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Stan up and be counted

The new Ireland boss acquitted himself well at his first press conference. But performances on the pitch are what really matter.

Tony Cascarino, 27 Jan 2006



It’ll obviously be results he’s judged on, but I thought Steve Staunton handled his unveiling as Ireland manager extremely well.

He certainly dispelled the notion of Sir Bobby Robson being forced on to him by the FAI, or of being in charge of a puppet regime where somebody else is pulling the strings.

I’d prefer it if he’d worked with Bobby before, but you got a sense at the press conference of them singing from the same hymn-sheet. I think Stan will use him as a scout, and a sounding board for the tactical ideas he has. As his dignified exit from Newcastle showed, Bobby’s not somebody who rocks the boat or tells tales to the tabloids. He’s a safe pair of hands who’s seen and done it all before, which can only benefit Steve as he gets to grips with the job.

People have said to me that the FAI should have gone for somebody like Guus Hiddink who’s got a proven track record of qualifying for tournaments, but how much would he know about Irish football? Yes, he did great things whilst in charge of Korea, but that was the result of a four-year plan structured around them automatically being in the World Cup as hosts. He didn’t have just seven months, and a handful of friendlies, to get his side ready for the European qualifiers.

There’s no way that Hiddink, or any other foreign coach who’s not connected to the Premiership, would have prior knowledge of promising young players like Kevin Doyle, Stephen Ireland and Joey O’Brien. Stan does, and has already gone on record as saying that he’ll be fast-tracking them and a few other new faces into the squad.

You only have to look at Bernie Vogts’ disastrous time in charge of Scotland to see what happens when you bring the wrong foreigner in. You had senior players retiring or pulling out of squads with spurious knocks, and very few SPL lads making their debut because it took Vogts a year to discover that places like Hamilton and Dunfermline existed!

One thing that jarred was Bobby Robson saying he’ll try to persuade Stephen Carr to come out of international retirement. A manager, or his advisor, shouldn’t have to beg players to turn out for their country. Particularly ones whose performances during the World Cup qualifiers weren’t a patch on Stephen Finnane’s.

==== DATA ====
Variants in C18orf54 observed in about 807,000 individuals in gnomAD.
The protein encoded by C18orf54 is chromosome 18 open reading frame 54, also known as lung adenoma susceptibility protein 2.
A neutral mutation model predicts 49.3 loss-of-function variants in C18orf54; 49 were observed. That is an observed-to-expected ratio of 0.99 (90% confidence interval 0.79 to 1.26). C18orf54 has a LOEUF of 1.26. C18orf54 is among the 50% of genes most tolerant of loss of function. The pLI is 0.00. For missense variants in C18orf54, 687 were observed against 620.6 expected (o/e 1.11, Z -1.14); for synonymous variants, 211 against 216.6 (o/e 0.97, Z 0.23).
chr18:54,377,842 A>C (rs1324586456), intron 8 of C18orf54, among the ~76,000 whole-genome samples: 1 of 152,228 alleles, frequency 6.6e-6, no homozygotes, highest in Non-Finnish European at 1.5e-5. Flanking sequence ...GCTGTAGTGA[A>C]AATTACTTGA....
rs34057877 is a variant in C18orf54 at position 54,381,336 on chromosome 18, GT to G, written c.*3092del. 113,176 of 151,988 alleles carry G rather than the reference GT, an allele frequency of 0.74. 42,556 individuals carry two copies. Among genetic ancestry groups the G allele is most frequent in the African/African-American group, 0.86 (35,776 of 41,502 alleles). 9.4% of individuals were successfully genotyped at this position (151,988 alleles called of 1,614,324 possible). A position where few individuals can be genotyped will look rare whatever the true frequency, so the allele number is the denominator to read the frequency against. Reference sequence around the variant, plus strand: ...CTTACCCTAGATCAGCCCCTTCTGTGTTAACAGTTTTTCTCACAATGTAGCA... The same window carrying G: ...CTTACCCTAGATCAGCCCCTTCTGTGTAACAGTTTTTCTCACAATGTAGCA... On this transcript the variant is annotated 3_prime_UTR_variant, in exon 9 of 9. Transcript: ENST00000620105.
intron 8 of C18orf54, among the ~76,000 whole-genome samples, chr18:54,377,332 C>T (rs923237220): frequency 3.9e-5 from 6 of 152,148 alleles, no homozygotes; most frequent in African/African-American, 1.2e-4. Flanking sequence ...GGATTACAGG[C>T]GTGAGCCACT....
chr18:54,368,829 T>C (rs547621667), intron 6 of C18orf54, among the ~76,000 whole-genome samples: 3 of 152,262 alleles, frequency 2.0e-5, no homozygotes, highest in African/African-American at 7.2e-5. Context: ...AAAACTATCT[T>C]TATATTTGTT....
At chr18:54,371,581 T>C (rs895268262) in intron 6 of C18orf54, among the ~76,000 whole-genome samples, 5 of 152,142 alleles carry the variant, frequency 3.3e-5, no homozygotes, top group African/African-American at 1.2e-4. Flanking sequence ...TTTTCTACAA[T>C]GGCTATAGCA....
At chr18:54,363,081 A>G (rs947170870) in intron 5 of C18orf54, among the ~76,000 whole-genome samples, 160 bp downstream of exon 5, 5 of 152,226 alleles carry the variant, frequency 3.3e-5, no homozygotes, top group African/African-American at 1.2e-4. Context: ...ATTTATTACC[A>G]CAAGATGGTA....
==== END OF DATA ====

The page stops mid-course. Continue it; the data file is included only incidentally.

I’d rather he concentrate on blooding somebody like Stephen Ireland who looked extremely comfortable during Manchester City’s derby win over United. True, the Man U midfield is possibly the weakest they’ve had under Fergie, but his tackling and passing were both good, and despite the highly competitive nature of the game there was no sign of him flagging at the end. He’s a bit lightweight physically, but makes up for it with his running ability and technique, which puts me in mind of Darren Fletcher.

I’ve already said that Kevin Doyle is a better option up front than Clinton Morrison, and he did nothing to change my mind last Friday when Reading drew with an in form Crystal Palace. He’ll need a season or two in the Premiership to become the finished article, but Doyle already has the look and confidence of a week in, week out goalscorer. He also stuck a couple of excellent balls into the box, which Robbie Keane would be highly appreciative of.

I’m less familiar with Joey O’Brien, but any player who meets Sam Allardyce’s exacting standards has got to be worth a place in Stan’s squad for the game against Sweden on March 1. I like what he’s said about using friendlies to have a look at youngsters like Kevin Doyle rather than confirming what we already know about Robbie and Damian.


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